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Death Risk Nearly Doubles When COVID Strikes People With Heart Failure

THURSDAY, Jan. 7, 2021 -- Patients who suffer from acute heart failure may be nearly twice as likely to die if they get COVID-19, a new study finds.

"Our results support prioritizing heart failure patients for COVID-19 vaccination once it is available," said researcher Dr. Amardeep Dastidar, a consultant interventional cardiologist at North Bristol NHS Trust and Bristol Heart Institute in England. "In the meantime, heart failure patients of all ages should be considered a high-risk group and be advised to maintain social distance and wear a face mask to prevent infection."

Heart failure is the progressive weakening of the heart's ability to pump blood and can cause breathlessness, ankle swelling and fatigue. Sudden and severe worsening of symptoms is a medical emergency that requires hospitalization.

In an analysis that included 283 patients admitted to a single hospital with acute heart failure, the researchers found a substantial but statistically insignificant drop in admissions for acute heart failure during the pandemic.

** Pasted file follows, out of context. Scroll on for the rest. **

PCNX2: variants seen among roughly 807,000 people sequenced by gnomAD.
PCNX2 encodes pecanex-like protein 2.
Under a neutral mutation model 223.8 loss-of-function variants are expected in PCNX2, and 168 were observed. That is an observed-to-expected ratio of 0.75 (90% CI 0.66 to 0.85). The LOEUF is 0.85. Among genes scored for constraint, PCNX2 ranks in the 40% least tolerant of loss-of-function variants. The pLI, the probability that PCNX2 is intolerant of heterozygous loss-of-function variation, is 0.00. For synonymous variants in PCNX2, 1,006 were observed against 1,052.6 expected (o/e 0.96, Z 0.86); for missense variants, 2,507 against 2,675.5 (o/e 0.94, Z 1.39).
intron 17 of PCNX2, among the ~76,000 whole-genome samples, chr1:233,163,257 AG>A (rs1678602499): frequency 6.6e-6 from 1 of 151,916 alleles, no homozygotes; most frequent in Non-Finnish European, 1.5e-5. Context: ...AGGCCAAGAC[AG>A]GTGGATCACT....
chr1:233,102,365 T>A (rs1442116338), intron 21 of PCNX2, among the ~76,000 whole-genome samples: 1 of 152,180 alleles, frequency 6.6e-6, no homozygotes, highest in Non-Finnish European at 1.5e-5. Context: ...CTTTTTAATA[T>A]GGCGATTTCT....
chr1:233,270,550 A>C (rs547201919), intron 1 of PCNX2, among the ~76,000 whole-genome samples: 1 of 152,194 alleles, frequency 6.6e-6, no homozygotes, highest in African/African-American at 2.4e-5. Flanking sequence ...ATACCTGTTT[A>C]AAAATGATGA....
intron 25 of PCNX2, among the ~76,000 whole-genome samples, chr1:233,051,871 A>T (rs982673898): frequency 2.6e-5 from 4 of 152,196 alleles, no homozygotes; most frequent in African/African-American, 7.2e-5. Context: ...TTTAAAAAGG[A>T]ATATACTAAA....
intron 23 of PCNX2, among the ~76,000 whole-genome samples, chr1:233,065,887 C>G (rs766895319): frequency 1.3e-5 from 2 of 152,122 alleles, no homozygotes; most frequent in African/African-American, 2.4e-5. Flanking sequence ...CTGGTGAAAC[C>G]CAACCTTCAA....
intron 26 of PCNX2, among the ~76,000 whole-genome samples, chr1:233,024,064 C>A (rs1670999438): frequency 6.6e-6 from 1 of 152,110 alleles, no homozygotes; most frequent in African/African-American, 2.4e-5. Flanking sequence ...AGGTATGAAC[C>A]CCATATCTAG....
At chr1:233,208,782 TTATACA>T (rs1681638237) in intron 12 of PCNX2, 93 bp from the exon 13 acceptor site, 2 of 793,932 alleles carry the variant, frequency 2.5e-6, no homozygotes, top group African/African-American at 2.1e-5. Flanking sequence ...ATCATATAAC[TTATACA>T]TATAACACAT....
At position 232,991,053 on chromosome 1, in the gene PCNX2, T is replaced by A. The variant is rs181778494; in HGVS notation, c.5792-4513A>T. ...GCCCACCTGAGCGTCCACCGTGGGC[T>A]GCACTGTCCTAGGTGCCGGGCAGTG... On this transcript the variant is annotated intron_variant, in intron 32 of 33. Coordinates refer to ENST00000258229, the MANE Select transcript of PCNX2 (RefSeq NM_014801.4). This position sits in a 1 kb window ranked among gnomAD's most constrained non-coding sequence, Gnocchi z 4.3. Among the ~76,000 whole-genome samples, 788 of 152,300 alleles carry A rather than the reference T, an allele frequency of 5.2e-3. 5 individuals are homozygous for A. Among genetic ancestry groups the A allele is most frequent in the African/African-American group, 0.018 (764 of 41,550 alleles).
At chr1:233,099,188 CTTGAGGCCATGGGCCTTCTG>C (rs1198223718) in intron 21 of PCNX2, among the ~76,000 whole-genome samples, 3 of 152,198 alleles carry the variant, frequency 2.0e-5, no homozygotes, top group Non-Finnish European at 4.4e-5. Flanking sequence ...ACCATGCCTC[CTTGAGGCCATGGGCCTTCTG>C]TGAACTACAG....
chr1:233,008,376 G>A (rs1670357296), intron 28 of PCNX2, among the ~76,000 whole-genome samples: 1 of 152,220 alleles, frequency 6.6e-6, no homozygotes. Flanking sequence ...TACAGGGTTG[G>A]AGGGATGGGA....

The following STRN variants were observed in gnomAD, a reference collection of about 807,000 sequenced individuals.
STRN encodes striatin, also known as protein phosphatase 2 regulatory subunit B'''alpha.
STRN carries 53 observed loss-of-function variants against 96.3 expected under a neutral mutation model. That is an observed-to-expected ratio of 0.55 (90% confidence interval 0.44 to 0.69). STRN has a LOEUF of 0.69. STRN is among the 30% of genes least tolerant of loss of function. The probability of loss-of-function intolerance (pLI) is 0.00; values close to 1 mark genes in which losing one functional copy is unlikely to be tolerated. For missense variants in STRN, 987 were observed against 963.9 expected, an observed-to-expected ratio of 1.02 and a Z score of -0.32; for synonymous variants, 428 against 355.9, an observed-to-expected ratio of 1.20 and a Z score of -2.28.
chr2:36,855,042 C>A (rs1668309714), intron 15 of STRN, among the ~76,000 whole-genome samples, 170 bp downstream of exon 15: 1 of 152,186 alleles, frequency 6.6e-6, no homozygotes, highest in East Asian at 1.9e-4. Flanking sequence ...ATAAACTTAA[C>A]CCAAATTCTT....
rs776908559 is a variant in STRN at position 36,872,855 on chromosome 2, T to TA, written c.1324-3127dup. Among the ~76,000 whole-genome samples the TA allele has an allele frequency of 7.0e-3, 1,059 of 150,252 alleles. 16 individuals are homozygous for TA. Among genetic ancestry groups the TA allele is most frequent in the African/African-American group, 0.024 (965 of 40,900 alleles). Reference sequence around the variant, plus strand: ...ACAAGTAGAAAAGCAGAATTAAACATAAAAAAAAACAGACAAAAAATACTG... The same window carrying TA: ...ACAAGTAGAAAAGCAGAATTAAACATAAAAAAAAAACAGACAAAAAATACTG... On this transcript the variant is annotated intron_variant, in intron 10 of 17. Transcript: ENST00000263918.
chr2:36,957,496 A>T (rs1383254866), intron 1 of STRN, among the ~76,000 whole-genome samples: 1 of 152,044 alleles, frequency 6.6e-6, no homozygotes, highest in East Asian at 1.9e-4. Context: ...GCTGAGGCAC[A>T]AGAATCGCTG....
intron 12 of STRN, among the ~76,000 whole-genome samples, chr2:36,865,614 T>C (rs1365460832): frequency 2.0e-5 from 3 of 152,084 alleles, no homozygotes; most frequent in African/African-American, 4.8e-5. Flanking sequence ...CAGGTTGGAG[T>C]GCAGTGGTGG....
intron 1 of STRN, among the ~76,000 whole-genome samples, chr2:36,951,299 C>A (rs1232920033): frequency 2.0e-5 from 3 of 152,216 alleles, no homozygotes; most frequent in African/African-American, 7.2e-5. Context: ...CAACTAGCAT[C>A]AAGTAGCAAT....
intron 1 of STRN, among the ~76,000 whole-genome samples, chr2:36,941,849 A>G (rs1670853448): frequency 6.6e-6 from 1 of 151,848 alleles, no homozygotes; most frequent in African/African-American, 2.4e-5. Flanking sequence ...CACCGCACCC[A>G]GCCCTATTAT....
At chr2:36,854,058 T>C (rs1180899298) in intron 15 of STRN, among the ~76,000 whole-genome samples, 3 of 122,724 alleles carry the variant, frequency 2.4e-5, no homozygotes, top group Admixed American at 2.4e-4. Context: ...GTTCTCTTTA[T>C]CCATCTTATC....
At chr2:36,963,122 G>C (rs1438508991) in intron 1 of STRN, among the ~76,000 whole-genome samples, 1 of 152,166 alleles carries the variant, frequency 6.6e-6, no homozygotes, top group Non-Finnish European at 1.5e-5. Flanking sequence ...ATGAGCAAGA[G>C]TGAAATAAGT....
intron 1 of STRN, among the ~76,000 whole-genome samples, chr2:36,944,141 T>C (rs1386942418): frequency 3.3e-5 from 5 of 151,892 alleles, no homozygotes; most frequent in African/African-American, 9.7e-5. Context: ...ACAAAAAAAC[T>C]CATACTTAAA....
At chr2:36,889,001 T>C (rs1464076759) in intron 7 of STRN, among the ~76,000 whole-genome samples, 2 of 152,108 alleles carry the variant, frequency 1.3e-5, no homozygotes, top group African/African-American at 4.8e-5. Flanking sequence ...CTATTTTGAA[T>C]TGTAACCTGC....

In the eight weeks before COVID, 164 patients were admitted, compared with 119 patients after COVID, according to the study published Jan. 7 in the journal ESC Heart Failure.

"This finding may reflect public concerns about social distancing at the start of the national lockdown, delayed reporting of symptoms, and anxiety regarding hospital attendance," Dastidar said in a journal news release. "In support of these explanations, our data demonstrate an increase in referrals during the later weeks of lockdown in line with U.K. media reports encouraging patients to seek medical attention if needed."

The number of deaths of patients with acute heart failure nearly doubled during the pandemic. Some 11% of patients in the before-COVID group died within 30 days, compared with 21% of the after-COVID group, the researchers found.

"This may suggest a direct interaction or susceptibility to worse outcomes for acute heart failure patients with superimposed COVID infection," Dastidar said. "It is noteworthy that our region had very low rates of COVID infection during the study and yet a connection with higher mortality was still apparent."

© 2021 HealthDay. All rights reserved.

Posted: January 2021

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